High dose interferon-α (HD IFN) is approved by the United States Food and Drug Administration for adjuvant treatment of patients with stage III melanoma after complete surgical resection. Despite this, clinicians and patients around the world and in many parts of the US have failed to embrace this treatment option because of the lack of overall survival benefit and minimal other clinical benefits seen in randomized trials, combined with the therapy's substantial toxicity. This article reviews the data from the randomized trials that lead to this conclusion and discuss why arguments often advanced in favor of using HD IFN are not persuasive. New treatment options are needed for adjuvant therapy of melanoma. In the meantime, the data from the randomized trials make it difficult for many clinicians and patients to have enthusiasm for adjuvant HD IFN.

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NCCN Task Force Report: Tyrosine Kinase Inhibitor Therapy Selection in the Management of Patients With Chronic Myelogenous Leukemia

Susan O'Brien, Ellin Berman, Joseph O. Moore, Javier Pinilla-Ibarz, Jerald P. Radich, Paul J. Shami, B. Douglas Smith, David S. Snyder, Hema M. Sundar, Moshe Talpaz, and Meir Wetzler

-dose imatinib can experience superior cytogenetic and molecular responses compared with those who need dose reductions. The estimated progression-free survival rates at 18 months for 800 and 400 mg were 97% and 95%, respectively. No significant difference in

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Emerging Therapeutic Options in Acute Lymphoblastic Leukemia

Presented by: Patrick A. Brown

response rates, with complete remission and MRD-negative complete remission between 80% and 90%. 3 Figure 2. Response and survival rates in R/R B-ALL. Abbreviations: B-ALL, B-cell acute lymphoblastic leukemia; BiTE, bispecific T-cell engager; CR, complete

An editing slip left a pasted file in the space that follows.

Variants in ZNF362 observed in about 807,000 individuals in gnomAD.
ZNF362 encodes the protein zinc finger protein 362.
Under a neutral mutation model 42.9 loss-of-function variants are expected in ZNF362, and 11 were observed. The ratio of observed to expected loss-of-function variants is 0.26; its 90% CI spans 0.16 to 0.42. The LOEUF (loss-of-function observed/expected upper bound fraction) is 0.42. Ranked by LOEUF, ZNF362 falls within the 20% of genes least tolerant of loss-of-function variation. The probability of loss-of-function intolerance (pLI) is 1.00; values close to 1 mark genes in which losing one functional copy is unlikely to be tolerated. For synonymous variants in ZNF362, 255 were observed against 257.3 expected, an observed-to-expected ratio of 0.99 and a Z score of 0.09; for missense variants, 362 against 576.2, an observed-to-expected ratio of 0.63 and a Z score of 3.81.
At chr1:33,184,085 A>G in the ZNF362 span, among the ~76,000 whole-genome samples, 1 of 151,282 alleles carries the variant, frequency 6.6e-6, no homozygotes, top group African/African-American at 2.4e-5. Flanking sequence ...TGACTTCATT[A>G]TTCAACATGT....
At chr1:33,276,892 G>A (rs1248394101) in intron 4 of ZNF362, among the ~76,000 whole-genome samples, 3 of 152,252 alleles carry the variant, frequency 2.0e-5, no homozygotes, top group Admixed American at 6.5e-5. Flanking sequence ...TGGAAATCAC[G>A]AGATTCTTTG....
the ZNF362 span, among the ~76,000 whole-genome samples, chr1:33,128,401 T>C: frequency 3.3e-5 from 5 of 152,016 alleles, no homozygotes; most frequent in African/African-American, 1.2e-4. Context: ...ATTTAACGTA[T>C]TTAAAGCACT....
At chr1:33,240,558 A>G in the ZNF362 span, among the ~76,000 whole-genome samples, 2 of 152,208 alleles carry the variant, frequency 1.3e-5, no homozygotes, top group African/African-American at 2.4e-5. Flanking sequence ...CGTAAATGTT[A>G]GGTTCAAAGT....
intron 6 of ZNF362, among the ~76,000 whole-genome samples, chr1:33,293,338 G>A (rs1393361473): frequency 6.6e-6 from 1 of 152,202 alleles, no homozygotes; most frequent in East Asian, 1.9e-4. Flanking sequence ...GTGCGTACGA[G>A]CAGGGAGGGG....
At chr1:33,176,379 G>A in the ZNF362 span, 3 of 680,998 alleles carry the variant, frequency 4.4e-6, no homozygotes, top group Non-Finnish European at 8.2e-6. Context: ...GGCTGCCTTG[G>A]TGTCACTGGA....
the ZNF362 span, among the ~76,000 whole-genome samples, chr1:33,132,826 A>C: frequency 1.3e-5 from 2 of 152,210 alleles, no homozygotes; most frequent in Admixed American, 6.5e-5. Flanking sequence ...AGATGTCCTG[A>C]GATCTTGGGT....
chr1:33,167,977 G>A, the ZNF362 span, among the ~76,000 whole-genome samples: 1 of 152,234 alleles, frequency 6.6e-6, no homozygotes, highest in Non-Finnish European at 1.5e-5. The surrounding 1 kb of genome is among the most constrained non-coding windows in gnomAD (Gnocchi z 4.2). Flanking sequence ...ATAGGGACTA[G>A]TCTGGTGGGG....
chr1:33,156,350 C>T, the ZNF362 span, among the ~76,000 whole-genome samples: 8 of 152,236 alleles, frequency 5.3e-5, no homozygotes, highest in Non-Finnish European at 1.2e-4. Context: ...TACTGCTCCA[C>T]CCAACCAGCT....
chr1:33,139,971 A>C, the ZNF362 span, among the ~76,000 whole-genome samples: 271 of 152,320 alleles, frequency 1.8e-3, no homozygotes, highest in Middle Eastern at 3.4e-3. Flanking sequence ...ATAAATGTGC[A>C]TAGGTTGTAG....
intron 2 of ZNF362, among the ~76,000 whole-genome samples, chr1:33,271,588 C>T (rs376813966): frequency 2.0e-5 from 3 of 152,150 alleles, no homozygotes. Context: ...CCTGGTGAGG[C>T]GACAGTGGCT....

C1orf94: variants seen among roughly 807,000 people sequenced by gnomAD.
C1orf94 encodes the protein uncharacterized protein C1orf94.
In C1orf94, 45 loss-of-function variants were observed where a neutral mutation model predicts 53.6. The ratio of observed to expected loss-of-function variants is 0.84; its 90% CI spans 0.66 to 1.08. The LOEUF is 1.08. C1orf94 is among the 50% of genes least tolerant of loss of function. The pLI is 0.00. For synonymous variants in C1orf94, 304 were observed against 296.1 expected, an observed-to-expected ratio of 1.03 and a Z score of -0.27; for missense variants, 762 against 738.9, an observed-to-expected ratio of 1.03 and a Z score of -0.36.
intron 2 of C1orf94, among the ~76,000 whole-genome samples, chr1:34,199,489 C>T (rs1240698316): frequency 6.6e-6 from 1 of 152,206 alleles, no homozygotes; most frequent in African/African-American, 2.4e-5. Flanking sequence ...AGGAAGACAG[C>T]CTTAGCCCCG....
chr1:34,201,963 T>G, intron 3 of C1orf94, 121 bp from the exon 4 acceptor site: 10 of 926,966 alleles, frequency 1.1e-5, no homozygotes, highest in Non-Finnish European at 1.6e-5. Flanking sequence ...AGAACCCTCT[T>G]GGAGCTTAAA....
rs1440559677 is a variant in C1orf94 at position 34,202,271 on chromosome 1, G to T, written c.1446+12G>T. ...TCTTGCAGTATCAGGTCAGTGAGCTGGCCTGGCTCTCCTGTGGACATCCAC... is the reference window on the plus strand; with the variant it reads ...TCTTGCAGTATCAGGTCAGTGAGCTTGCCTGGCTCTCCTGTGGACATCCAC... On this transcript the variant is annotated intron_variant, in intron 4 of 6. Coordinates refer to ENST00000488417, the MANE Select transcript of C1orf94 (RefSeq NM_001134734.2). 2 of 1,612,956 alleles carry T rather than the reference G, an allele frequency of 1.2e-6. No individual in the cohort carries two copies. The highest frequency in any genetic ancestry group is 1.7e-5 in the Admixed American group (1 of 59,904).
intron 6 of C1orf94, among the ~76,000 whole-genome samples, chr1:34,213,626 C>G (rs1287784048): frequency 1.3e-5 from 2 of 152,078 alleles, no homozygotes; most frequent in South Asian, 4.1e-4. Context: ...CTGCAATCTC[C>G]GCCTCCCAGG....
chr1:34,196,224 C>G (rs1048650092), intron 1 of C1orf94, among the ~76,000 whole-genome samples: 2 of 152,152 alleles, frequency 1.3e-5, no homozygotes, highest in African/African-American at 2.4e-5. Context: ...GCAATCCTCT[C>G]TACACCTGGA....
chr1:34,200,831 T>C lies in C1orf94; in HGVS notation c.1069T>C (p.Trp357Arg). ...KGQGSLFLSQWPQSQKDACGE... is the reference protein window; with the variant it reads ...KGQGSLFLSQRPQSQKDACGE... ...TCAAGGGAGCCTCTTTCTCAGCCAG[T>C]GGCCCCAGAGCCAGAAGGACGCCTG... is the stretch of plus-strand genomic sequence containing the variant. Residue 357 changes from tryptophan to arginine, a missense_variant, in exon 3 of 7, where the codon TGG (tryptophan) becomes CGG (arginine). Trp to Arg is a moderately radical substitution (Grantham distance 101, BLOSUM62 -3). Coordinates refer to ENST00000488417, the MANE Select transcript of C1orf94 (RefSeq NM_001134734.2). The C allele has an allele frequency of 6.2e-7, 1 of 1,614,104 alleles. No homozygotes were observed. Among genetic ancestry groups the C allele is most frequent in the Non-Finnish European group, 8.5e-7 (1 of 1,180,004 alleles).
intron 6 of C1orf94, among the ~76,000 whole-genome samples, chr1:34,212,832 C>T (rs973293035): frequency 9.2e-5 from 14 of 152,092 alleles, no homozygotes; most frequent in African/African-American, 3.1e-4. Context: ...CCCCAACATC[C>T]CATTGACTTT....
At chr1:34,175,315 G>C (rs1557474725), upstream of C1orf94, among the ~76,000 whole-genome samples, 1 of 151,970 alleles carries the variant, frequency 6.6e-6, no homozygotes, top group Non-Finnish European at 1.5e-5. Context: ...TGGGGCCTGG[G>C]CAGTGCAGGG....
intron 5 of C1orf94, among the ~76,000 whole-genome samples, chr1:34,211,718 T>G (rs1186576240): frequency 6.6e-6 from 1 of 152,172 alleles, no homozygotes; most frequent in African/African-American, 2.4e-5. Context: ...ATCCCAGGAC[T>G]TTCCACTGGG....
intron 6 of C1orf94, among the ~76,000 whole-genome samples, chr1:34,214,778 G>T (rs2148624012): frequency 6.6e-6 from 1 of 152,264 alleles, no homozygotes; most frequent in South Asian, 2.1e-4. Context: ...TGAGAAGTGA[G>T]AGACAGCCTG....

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How NCCN Guidelines Can Help Young Adults and Older Adolescents With Cancer and the Professionals Who Care for Them

Archie Bleyer

Estimated New Cases of and Deaths From Invasive Cancer and Acute Lymphoblastic Leukemia in Adolescents and Young Adults Aged 15–39 Years in the United States, 2009 Figure 1 shows the increase in the 5-year relative survival rate in the United States

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Thymomas and Thymic Carcinomas

David S. Ettinger, Gregory J. Riely, Wallace Akerley, Hossein Borghaei, Andrew C. Chang, Richard T. Cheney, Lucian R. Chirieac, Thomas A. D’Amico, Todd L. Demmy, Ramaswamy Govindan, Frederic W. Grannis Jr, Stefan C. Grant, Leora Horn, Thierry M. Jahan, Ritsuko Komaki, Feng-Ming (Spring) Kong, Mark G. Kris, Lee M. Krug, Rudy P. Lackner, Inga T. Lennes, Billy W. Loo Jr, Renato Martins, Gregory A. Otterson, Jyoti D. Patel, Mary C. Pinder-Schenck, Katherine M. Pisters, Karen Reckamp, Eric Rohren, Theresa A. Shapiro, Scott J. Swanson, Kurt Tauer, Douglas E. Wood, Stephen C. Yang, Kristina Gregory, and Miranda Hughes

are much less invasive than thymic carcinomas. 1 Patients with thymomas have 5-year survival rates of approximately 78%. 4 However, 5-year survival rates for thymic carcinomas are only approximately 40%. 5 , 6 These guidelines outline the evaluation